My interest in folklore and cultural tradition goes back a long way. Folk Life Studies was part of my undergraduate English degree at the University of Leeds back in the 1970s and I studied part time for an MA in Folklore and Cultural Tradition about ten years ago.
My own interests have been in traditional food and calendar customs. Along the way I have been a well dresser and a ghost story teller. I have followed Pace Egg mummers plays in Calderdale and Britannia Coconut Dancers in Bacup.
I recently looked at a collection in the archive here, donated by the Manchester District branch of the English Folk Dance and Song Society (EFDSS). In among the papers, posters, scrapbooks and photographs I found a few images I could shed some light on.
To me, these children look as if they are acting out a scene from the Calderdale Pace Egg play. At first glance it looks like lads play fighting, but the boys in the background are dressed as the doctor and the old woman, characters in the Pace Egg Play. It’s difficult to put a date and location to this image. The houses are brick, whereas the houses in the area where the play is still performed are mostly built of stone. The boys are also younger than the Calder High students who perform it nowadays. I’d take a guess at late 1950s, early 1960s.
I am sure this photograph is of the Winster Guisers, a group of men who perform a guising play in the area around the Derbyshire village of Winster each Christmas. The Horse, made from a horse’s skull painted black, is very distinctive ( and quite terrifying when it clacks its jaws), as are the characters and their costumes. Again it’s hard to date, as the costumes are old fashioned and there have been several revivals, with an unbroken recent tradition since the 1980s.
It’s an unusual area of interest, and academic opportunities to study it in this country are few and far between.There’s an overlap with anthropology and social history. Folk music tends to be the focus of interest because it appeals on so many levels – for both performers and audiences. Newcastle University runs a BA course in traditional music and The University of Sheffield are planning an MA in traditional music.
Folk Dance was part of the school curriculum for many decades, thanks to work done by Cecil Sharp and others in the early twentieth century. It became a hugely popular social activity outside of schools through ceilidhs and barn dances.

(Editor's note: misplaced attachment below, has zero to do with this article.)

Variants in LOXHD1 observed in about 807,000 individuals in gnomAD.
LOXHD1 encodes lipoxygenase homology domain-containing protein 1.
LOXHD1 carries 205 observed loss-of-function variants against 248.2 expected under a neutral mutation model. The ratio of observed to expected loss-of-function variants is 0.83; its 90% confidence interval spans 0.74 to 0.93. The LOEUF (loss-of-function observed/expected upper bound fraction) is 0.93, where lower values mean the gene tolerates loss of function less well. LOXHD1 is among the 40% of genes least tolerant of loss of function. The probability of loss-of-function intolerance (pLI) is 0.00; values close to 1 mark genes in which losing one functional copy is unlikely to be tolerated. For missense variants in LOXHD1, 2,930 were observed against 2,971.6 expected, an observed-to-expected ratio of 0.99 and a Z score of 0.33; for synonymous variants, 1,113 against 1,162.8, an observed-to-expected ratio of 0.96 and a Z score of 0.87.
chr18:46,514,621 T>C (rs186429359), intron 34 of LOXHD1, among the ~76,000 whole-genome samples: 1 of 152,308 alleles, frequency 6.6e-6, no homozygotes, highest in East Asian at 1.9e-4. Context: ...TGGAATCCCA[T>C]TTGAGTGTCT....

Everyone is familiar with Morris dancing, but clog dancing has been a popular activity too. No ballet pumps required. A guide to clog makers in the North West is part of the archive collection.
I still have a pair of clogs made by for me by Mr Pinnington of Todmorden, and I once arranged for him to send clogs to friends in Holland. A variation on coals to Newcastle.
I’m interested in both traditional and contemporary folk music – from Shirley Collins to Chris Wood. Recently the English Folk Dance and Song Society have been publicising their huge archive digitisation project known as The Full English. They have initiated lots of radio and social media coverage.They are developing education and outreach programmes and they have also taken workshops on Folk Song in England round the country.
I recently attended one of their day courses in Sheffield.
After lively discussion about traditional songs, recording, collection, politics, contemporary research methods and interpretations, I came away from the course buzzing with ideas. Folk culture has been used and appropriated in many different ways through the centuries. Eighteenth and nineteenth century antiquarians had their Romantic notions of nationhood, while Victorian clergymen encouraged ‘pagan’ revivals of maypoles and morris dancers. Early twentieth century composers searched for origins of a definitive classical music of England. The politics of ‘Folk’ continued through the twentieth century, sometimes reinforcing the ideas of conservatism and the traditionalists, later part of a left wing protest song movement, championing of the dispossessed. As they say, ‘It’s complicated’.
The Henry Watson Music Library, based here at Central Library, holds a fantastic collection of ballads. Inherited from the Language and Literature Library, where their texts were seen as poems, they now come within the scope of the Special Collection and the Music Library. Chethams Library has been taking care of them whilst the refurbishment of Central has been going on, but soon they will be available once more.They include bawdy songs, tales of hangings, and Black Letter ballads.Some include the music, others are set ‘to the tune of…’. Some have been adapted to cover local events.It’s thought to be the best collection outside the Bodleian Library. The late Harry Boardman put together a collection, performance and CD of Manchester Ballads, and about a third of that collection came from the Henry Watson Library.
There’s a call out from the EFDSS for archive collections to identify and share information about their folk related resources. There are fourteen boxes of material from the Manchester District Branch of the EFDSS, covering a period from 1913 to 1986, in the GMCRO collection. I have tried without success to track down a representative of the donor or the local branch. If any one can help I would be grateful. There is also the ballad collection in the Henry Watson Music Library. A treasure trove worth making a song and dance about!